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Thread: Ankle pain

  1. #1
    Join Date
    Apr 2013
    Location
    Roseburg, OR
    Posts
    5

    Question Ankle pain

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    I'm a fairly new rider but I have built up to riding about 2-3 rides, 70-80 miles a week with 1,000-1,800 ft/elevaion gained. Lately, on my longer rides, my right ankle has begun to hurt. It has gotten progressively more bothersome. It doesn't particularly hurt to walk on it, but I can just feel that it's a bit strained. I'm surprised that this can happen while clipped in on a bike, but not sure what to do. I also feel a pain from my groin down my inner right thigh on just that leg, but I don't know if they are related. That never bothers me except riding. I think perhaps I'm compensating and spinning weird when fatigued on the climbes, but it's just the one foot. Any thoughts? TIA..

  2. #2
    Join Date
    Sep 2007
    Location
    Uncanny Valley
    Posts
    14,645
    I'm sure someone more knowledgeable will weigh in, but in the meantime, the simplest explanation is probably a misaligned cleat. Did you have a professional fitter set your cleats up? Even if so, it could still be off by a degree or two. I'd start by turning your cleat just a tiny bit. Before you start, outline your cleat on the sole with a contrasting colored Sharpie, so that you'll know where you started. (That's a handy trick when you replace a worn-out cleat, too.) If your ankle pain is on the lateral side (the side away from the crank), turn the cleat so that your toes turn very slightly more to the right. Vice versa if your pain is on the medial side (adjacent to the crank) - in that case try turning the cleat to point your toes more to the left. Next time you ride, have the tool you need to install your cleats handy in a jersey pocket. Tweak it every five miles or so if the pain isn't gone or if you feel any pulling or strain, sooner if the pain gets worse. If two rides doing that haven't fixed your issue, and if you don't get any better suggestions here, then a fitting is probably in order.

    Also, for me, I've found it very helpful when riding to focus on weighting all four corners of the feet (first and fifth metatarsal heads, inner and outer heels), same as I do standing and walking. In cycling shoes, it's easy to put your weight unevenly across the ball of your foot, or even through the arch. As much as your feet are held rigid by cycling shoes, your ankles, legs and hips still need the support from your feet.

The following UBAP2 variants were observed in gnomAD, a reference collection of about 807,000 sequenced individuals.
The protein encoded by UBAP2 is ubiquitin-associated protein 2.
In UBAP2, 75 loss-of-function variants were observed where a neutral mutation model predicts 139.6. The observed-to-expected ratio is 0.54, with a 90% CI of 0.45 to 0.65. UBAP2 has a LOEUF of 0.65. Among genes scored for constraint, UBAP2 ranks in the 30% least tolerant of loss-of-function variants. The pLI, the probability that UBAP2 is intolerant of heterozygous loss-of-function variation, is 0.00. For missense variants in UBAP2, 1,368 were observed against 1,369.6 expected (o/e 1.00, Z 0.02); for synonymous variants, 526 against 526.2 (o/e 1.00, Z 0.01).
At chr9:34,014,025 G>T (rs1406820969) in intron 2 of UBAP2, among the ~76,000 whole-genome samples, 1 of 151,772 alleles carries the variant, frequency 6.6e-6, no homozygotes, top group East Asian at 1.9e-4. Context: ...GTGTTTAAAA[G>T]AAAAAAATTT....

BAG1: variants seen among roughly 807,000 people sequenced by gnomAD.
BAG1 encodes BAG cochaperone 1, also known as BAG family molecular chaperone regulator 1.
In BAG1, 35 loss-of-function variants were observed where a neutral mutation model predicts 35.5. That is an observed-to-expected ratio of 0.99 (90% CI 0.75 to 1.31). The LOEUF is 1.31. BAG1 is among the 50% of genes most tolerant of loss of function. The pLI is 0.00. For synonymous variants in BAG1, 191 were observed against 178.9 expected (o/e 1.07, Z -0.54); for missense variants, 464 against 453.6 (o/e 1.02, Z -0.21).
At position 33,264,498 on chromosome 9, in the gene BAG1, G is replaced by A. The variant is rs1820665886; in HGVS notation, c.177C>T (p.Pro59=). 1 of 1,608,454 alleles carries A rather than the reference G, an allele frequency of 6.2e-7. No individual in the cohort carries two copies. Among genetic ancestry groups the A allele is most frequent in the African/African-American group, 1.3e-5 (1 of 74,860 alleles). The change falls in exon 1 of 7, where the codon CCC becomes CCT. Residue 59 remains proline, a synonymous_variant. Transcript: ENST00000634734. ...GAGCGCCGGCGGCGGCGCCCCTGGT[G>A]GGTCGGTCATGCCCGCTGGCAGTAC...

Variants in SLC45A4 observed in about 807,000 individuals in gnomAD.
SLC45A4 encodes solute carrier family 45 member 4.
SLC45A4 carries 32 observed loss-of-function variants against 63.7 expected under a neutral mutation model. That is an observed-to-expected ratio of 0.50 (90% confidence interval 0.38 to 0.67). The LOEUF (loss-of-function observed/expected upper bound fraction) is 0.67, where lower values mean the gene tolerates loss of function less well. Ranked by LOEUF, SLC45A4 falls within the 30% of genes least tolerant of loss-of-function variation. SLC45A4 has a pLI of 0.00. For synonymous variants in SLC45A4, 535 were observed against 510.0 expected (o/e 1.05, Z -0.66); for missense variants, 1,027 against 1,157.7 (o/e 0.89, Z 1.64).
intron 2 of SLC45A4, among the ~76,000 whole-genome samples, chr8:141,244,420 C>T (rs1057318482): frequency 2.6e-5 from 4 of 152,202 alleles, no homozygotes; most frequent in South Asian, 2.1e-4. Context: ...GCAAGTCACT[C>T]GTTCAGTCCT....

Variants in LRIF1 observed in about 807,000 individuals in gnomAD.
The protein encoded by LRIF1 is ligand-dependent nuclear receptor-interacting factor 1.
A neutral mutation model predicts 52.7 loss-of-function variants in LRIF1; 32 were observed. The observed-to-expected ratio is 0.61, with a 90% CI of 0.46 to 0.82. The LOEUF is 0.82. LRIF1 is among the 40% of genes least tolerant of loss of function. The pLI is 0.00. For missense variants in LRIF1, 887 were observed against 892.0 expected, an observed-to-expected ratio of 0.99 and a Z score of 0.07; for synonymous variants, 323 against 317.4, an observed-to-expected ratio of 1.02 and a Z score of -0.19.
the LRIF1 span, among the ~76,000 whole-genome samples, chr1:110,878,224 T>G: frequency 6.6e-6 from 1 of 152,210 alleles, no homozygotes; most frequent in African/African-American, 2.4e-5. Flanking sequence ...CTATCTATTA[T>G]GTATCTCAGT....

Speed comes from what you put behind you. - Judi Ketteler

  3. #3
    Join Date
    May 2008
    Location
    northern Virginia
    Posts
    5,828
    My first thought also was a misaligned cleat.

    Does anyone know if it's possible to over-pronate while pedaling? I know (from painful experience) that that can cause ankle problems when walking. If the pain is on the inside of your ankle, that might be something to consider.

    http://www.sportsinjuryclinic.net/sp.../overpronation

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  4. #4
    Join Date
    May 2013
    Location
    north woods of Wisconsin
    Posts
    632
    That's a tough one, Karma. Lots of possibilities.

    You may have injured something as in pulled a muscle or strained a tendon. Might want to go easy on the miles or even check with a doctor.

    Your seat may be set just a bit too high. I find that this puts more strain on my feet. Too low, of course, is a way to blow your knees. On really long rides, I sometimes change seat height as needed to reduce pressure where I'm getting pain. Might give it a try.

    Most of us have one leg longer/shorter than the other and this can place more strain on one leg/ankle/foot than the other over long stretches. My left leg is slightly shorter, so I experimented with the cleat position on the left foot, moving it just a tiny bit forward compared to my right. Seemed to help.

  5. #5
    Join Date
    Sep 2007
    Location
    Uncanny Valley
    Posts
    14,645
    Quote Originally Posted by ny biker View Post
    Does anyone know if it's possible to over-pronate while pedaling?
    Certainly, that's what I meant by four corners of the feet. Just like when standing and walking, it's important to engage your entire feet (the big toe flexors are key to a lot of this) and lift all three arches.
    Speed comes from what you put behind you. - Judi Ketteler

 

 

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